The Penguins made somewhat of a surprising move earlier this week when they signed forward Joseph Cramarossa to an NHL contract for the remainder of the season.
Cramarossa, 26, had been playing for Wilkes-Barre/Scranton for nearly a full calendar year after being acquired in a trade with the Stockton Heat in February 2018. He was playing on an AHL contract -- not property of an NHL club, not eligible to be recalled. His deal was at the minor-league level only.
Being on an AHL contract was a far drop for Cramarossa, who spent nearly the entire 2016-17 season in the NHL with Anaheim and Vancouver.
"It was pretty frustrating, honestly," Cramarossa told me of these past two seasons. "I lived my dream for a whole season, then the following year didn't even have a chance to get called up. It's frustrating. But it's also even harder because you've got to get up and play well, knowing that if you're the best guy on the ice, you're still not getting called up. It's definitely hard, but now that I'm on an NHL deal, it's made me stronger in that regard."
Cramarossa had made it clear to the organization last season that his goal was to earn an NHL contract again. There had been discussions with Pittsburgh since then, but contract talks with Cramarossa had picked up over the last few weeks. After a stretch of consistent, strong play from Cramarossa, Pittsburgh made the offer for a two-way deal worth $650,000 at the NHL level and $200,000 at the AHL level.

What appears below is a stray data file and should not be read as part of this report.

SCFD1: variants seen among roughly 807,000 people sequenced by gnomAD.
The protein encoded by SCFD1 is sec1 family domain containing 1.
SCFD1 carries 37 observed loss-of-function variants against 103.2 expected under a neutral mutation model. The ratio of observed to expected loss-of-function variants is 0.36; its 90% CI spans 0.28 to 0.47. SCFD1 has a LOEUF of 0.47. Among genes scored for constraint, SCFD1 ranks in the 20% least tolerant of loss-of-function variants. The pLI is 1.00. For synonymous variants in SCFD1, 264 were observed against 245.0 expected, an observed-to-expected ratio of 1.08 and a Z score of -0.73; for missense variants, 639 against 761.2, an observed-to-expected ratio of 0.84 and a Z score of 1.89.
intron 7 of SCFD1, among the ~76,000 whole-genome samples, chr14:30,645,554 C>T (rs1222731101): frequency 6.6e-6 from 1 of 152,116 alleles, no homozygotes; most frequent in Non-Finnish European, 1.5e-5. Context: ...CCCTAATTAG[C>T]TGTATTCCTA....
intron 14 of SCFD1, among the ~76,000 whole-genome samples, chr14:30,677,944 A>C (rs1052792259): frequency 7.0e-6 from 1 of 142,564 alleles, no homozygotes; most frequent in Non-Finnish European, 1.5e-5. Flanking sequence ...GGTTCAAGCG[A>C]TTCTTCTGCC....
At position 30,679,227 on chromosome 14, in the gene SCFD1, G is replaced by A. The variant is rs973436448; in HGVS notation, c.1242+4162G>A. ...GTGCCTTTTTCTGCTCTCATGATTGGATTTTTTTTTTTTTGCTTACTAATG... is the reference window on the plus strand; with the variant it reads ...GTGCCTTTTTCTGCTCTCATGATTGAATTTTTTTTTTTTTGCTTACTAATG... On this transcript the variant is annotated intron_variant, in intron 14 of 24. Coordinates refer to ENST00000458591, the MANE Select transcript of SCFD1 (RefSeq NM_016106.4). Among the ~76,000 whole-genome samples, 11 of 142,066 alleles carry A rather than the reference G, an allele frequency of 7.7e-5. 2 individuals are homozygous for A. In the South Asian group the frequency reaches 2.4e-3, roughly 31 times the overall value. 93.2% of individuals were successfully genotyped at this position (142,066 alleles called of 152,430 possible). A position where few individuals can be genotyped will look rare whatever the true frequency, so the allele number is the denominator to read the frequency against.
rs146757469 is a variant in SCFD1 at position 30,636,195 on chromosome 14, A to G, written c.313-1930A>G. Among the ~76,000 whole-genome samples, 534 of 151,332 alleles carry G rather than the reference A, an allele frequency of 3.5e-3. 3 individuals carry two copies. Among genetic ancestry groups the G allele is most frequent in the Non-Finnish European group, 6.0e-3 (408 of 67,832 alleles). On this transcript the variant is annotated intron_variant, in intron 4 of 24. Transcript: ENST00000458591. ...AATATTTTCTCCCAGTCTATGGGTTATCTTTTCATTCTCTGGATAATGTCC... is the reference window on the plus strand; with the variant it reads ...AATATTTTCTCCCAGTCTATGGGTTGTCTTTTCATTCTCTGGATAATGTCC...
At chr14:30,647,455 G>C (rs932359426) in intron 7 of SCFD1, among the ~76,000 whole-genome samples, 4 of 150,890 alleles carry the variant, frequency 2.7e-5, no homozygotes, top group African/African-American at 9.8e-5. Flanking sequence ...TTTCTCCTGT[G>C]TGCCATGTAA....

"I knew, just at my age, I had to get to that next step sooner than later," Cramarossa said. "I'm happy that I was able to do that and they believed in me enough to reward me with that. It's just the next step to actually getting up there. By no means is the work done, but it's a nice step to getting back to the NHL."
Cramarossa isn't the flashiest player, and he's not one to show up on the scoresheet every night. He put up six goals and six assists in 28 games with Wilkes-Barre last season, and has two goals and eight assists in 37 games with Wilkes-Barre this season.
Cramarossa also leads Wilkes-Barre with two shootout goals, both of which were game-winners:
Cramarossa, 6-feet and 192 pounds, is gritty. He works hard. He has speed, and he plays physical. He's strong defensively, and kills penalties. He's a respected leader in the Penguins' locker room. It all adds up, and that's why he was signed.